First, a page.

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The Real Me Was Invisible


The Death of Vivek Oji

By: Emezi Akwaeke

This week’s novel starts out with one sentence that captured my attention instantly.

“If this story were a stack of photographs – the old kind, rounded at the corners and kept in albums under the glass and lace doilies of center tables in parlors across the country – it would start with Vivek’s father, Chika.”

The Death of Vivek Oji is a beautiful story about the life and death of a young man of the same name. Within the first sentence of this novel, you know that Vivek, a young Nigerian man has died. His body has been delivered to his parent’s front doorstep, naked but wrapped in a cloth.

Vivek’s mother Kavita is of course heartbroken over his death but also on a mad quest to understand what happened and how he died. Yet in understanding how he died, she will have to come to recognize who Vivek was while he was alive. He was not the boy she thought she knew. Vivek had a secret, and his cousin and close childhood friend, Osita knows what it is. Osita and Vivek were close from a very young age and Osita is one of the story’s narrators. Osita carries many secrets about Vivek. He is tormented by these secrets throughout most of the book where his narration is foreshadowing of what’s to come.

Vivek Ojii was born on the same day that his beloved grandmother died. Just as in the saying, in life there is death, the story follows the same path. It’s as if his grandmother’s soul has been transported into the body of this beautiful little newborn boy, Vivek. They even share the same starfish scar on their foot.

“This is how Vivek was born, after death and into grief. It marked him, you see, cut him down like a tree. They brought him into a home filled with incapacitating sorrow; his whole life was a mourning.”

Vivek has what would be considered a normal childhood in Nigeria, playing with friends and cousins. He has a very close relationship with Osita as they both are only children of two brothers. Vivek’s mother is determined to send Vivek to university in America. She decides this early in his life as many of us decide how we want things to be for our children when they are born. However, as we all know, what we want and what our children want are often two different things.

We know that Vivek is sent to Military Boarding School for high school and it is probably there that he learns things about himself. After an incident with his cousin around the same time, the two become estranged.

Against his mother’s wishes, and countless SAT prep classes, Vivek ends up going to university in Nigeria. After his first term, Vivek leaves University and comes home to live with his parents. Something has clearly gone wrong. What Chika and Kavita find is a very different boy then the one they used to know. His hair is long and he is very thin. His parents are worried as Vivek locks himself in his room at home or goes for long walks until after dark. His mother is desperate for him to be “normal” and to have friends. She forces him upon her friends’ daughters so that he will have someone his age to talk with. His parents try to change him; they want him to eat more, to cut his hair, to be different.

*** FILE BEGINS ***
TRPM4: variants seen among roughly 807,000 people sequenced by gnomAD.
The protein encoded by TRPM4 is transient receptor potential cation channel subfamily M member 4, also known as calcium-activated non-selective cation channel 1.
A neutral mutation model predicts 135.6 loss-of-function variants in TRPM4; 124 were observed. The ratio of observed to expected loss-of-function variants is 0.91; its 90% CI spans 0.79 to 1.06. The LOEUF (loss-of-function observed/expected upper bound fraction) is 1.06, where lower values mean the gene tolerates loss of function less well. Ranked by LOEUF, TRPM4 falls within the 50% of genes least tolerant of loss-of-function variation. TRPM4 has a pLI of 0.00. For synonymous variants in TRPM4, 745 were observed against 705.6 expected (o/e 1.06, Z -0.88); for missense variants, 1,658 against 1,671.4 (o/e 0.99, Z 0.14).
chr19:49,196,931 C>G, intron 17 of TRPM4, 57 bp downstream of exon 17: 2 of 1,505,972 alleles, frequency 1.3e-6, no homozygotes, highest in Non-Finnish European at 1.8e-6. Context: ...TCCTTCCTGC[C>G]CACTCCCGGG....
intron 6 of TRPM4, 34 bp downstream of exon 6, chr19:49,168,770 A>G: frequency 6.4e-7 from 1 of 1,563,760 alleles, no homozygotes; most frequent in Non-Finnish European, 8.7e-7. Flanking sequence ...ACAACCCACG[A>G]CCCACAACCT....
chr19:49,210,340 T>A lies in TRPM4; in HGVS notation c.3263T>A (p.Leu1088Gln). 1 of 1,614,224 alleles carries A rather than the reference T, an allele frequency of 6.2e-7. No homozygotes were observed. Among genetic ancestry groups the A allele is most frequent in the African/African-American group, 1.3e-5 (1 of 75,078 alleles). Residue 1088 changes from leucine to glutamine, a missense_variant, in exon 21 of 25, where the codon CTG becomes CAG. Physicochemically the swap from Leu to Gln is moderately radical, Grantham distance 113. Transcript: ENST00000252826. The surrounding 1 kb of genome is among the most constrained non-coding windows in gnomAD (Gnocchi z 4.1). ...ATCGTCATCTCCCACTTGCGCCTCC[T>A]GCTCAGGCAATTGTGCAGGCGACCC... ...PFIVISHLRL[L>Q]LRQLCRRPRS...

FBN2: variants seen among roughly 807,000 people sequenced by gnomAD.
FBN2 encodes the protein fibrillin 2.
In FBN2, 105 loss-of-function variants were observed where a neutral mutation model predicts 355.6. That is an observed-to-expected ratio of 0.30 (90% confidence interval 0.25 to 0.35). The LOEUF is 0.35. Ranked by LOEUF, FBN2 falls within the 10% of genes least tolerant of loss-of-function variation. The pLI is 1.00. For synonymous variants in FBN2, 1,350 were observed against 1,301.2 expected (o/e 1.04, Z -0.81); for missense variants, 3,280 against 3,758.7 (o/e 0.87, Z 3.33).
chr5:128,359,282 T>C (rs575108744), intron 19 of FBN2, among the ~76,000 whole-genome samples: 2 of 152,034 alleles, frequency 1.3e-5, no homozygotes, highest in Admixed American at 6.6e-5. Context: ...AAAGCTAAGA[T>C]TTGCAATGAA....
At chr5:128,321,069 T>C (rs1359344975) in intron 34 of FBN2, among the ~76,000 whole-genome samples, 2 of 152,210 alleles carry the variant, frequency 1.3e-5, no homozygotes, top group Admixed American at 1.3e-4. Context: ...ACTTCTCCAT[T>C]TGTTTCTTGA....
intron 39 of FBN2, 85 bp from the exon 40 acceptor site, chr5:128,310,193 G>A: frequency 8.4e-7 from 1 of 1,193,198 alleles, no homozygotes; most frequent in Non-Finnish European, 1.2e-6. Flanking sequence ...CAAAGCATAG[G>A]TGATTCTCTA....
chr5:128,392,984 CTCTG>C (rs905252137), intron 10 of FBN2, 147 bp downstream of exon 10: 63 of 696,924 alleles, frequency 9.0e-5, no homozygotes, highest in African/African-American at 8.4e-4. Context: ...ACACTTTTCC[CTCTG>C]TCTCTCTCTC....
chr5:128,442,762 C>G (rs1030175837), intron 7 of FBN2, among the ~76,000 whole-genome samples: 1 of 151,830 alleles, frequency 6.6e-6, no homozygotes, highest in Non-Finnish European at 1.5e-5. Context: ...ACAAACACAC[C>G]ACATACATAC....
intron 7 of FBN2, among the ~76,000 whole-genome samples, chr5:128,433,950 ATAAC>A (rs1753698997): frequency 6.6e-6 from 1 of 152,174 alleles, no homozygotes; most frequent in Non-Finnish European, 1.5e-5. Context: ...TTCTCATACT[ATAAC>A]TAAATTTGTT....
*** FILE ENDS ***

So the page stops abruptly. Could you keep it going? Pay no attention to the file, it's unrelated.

But we know that Vivek is far from normal as he narrates from beyond the grave, “I felt heavy my whole life. I always thought that death would be the heaviest thing of all, but it wasn’t; it really wasn’t. Life was like being dragged through concrete in circles, wet and setting concrete that dried with each rotation of my unwilling body…I wanted to stay empty, like the eagle in the proverb, left to perch, my bones filled with air pockets, but heaviness found me and I couldn’t do anything about it. I couldn’t shake it off…”

His differences were never and would never be accepted in the Nigerian community that he lived in. Vivek identifies with women and he wants to be a woman. He wants to dress like a woman, look feminine, and wear make-up and lipstick.

Kavita forces friendships on him with other friends’ daughters and Vivek actually enjoys their company. Kavita thinks it is because he has found some kind of romance, but in reality, it was because these girls saw him for who he really was and they accepted him. He could be himself to these girls. He could be the person that he could never reveal to his parents and the greater community.

Vivek’s sadness really stemmed from the fact that the people he loved the most didn’t know who he really was. He says, “people saw me one way, knowing that they were wrong…the real me was invisible to them.”

In Vivek’s first narrated chapter he asks, “If nobody sees you, are you still there?” I will not tell you how Vivek dies, that is for you to discover. I will tell you that finally after his death his family accepts who he was, in one singular action, they show the world that they have accepted Vivek and his wishes. Although the mystery for them is not of how Vivek died, but more about how he lived and wanted to live.

As we see through other stories in the book which takes place in 1980's-1990's Nigeria, this is an extremely traditional society. It is very common for a wife to accept that her husband takes on another wife and has another family. A girl must shave her head in order to go to school, and a man whose wife can’t get pregnant refuses to accept that it may be his fault and shames her for it. This is the society that Vivek Oji lives in and why he must keep his true self a secret from everyone.

This story is a beautifully written account of what many people experience in their coming of age. Who am I? Who do I want to be? Will the real me be accepted? While Vivek’s story ends tragically, not everyone’s story has to end this way.

The Death of Vivek Oji

By: Akwaeke Emezi

Publication Date: August 4, 2020

Riverhead Books

*****

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